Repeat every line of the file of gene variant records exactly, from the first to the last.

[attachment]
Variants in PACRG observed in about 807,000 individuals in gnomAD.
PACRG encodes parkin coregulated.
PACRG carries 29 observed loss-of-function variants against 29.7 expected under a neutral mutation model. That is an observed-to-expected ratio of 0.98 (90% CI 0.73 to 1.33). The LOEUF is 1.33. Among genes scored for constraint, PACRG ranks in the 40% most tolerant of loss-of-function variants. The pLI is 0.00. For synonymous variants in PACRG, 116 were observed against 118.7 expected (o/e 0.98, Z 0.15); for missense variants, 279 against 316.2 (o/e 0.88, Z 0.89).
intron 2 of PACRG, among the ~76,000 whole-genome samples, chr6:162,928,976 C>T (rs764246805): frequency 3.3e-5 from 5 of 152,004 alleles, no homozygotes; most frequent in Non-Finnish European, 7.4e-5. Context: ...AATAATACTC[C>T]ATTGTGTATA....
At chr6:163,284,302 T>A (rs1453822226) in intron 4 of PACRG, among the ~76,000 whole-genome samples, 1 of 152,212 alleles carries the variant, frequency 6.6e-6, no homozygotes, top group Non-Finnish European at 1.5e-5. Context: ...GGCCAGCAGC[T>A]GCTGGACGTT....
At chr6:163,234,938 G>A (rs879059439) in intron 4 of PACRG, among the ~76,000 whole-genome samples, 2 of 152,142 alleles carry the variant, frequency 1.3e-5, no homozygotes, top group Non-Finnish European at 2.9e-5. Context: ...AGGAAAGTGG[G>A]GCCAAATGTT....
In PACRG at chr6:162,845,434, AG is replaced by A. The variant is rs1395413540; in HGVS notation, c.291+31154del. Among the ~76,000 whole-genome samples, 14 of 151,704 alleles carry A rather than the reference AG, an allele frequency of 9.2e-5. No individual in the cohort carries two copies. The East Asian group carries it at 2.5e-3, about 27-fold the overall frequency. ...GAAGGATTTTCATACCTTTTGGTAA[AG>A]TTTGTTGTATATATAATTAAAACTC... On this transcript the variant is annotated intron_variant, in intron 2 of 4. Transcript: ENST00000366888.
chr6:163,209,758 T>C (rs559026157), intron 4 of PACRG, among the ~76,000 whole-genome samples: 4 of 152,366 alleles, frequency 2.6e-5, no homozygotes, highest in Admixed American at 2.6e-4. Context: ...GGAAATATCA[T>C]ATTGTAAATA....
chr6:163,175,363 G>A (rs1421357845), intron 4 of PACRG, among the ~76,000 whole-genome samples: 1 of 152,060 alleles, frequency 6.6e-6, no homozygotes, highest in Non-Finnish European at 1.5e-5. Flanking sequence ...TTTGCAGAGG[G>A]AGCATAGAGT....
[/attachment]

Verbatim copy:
Variants in PACRG observed in about 807,000 individuals in gnomAD.
PACRG encodes parkin coregulated.
PACRG carries 29 observed loss-of-function variants against 29.7 expected under a neutral mutation model. That is an observed-to-expected ratio of 0.98 (90% CI 0.73 to 1.33). The LOEUF is 1.33. Among genes scored for constraint, PACRG ranks in the 40% most tolerant of loss-of-function variants. The pLI is 0.00. For synonymous variants in PACRG, 116 were observed against 118.7 expected (o/e 0.98, Z 0.15); for missense variants, 279 against 316.2 (o/e 0.88, Z 0.89).
intron 2 of PACRG, among the ~76,000 whole-genome samples, chr6:162,928,976 C>T (rs764246805): frequency 3.3e-5 from 5 of 152,004 alleles, no homozygotes; most frequent in Non-Finnish European, 7.4e-5. Context: ...AATAATACTC[C>T]ATTGTGTATA....
At chr6:163,284,302 T>A (rs1453822226) in intron 4 of PACRG, among the ~76,000 whole-genome samples, 1 of 152,212 alleles carries the variant, frequency 6.6e-6, no homozygotes, top group Non-Finnish European at 1.5e-5. Context: ...GGCCAGCAGC[T>A]GCTGGACGTT....
At chr6:163,234,938 G>A (rs879059439) in intron 4 of PACRG, among the ~76,000 whole-genome samples, 2 of 152,142 alleles carry the variant, frequency 1.3e-5, no homozygotes, top group Non-Finnish European at 2.9e-5. Context: ...AGGAAAGTGG[G>A]GCCAAATGTT....
In PACRG at chr6:162,845,434, AG is replaced by A. The variant is rs1395413540; in HGVS notation, c.291+31154del. Among the ~76,000 whole-genome samples, 14 of 151,704 alleles carry A rather than the reference AG, an allele frequency of 9.2e-5. No individual in the cohort carries two copies. The East Asian group carries it at 2.5e-3, about 27-fold the overall frequency. ...GAAGGATTTTCATACCTTTTGGTAA[AG>A]TTTGTTGTATATATAATTAAAACTC... On this transcript the variant is annotated intron_variant, in intron 2 of 4. Transcript: ENST00000366888.
chr6:163,209,758 T>C (rs559026157), intron 4 of PACRG, among the ~76,000 whole-genome samples: 4 of 152,366 alleles, frequency 2.6e-5, no homozygotes, highest in Admixed American at 2.6e-4. Context: ...GGAAATATCA[T>C]ATTGTAAATA....
chr6:163,175,363 G>A (rs1421357845), intron 4 of PACRG, among the ~76,000 whole-genome samples: 1 of 152,060 alleles, frequency 6.6e-6, no homozygotes, highest in Non-Finnish European at 1.5e-5. Flanking sequence ...TTTGCAGAGG[G>A]AGCATAGAGT....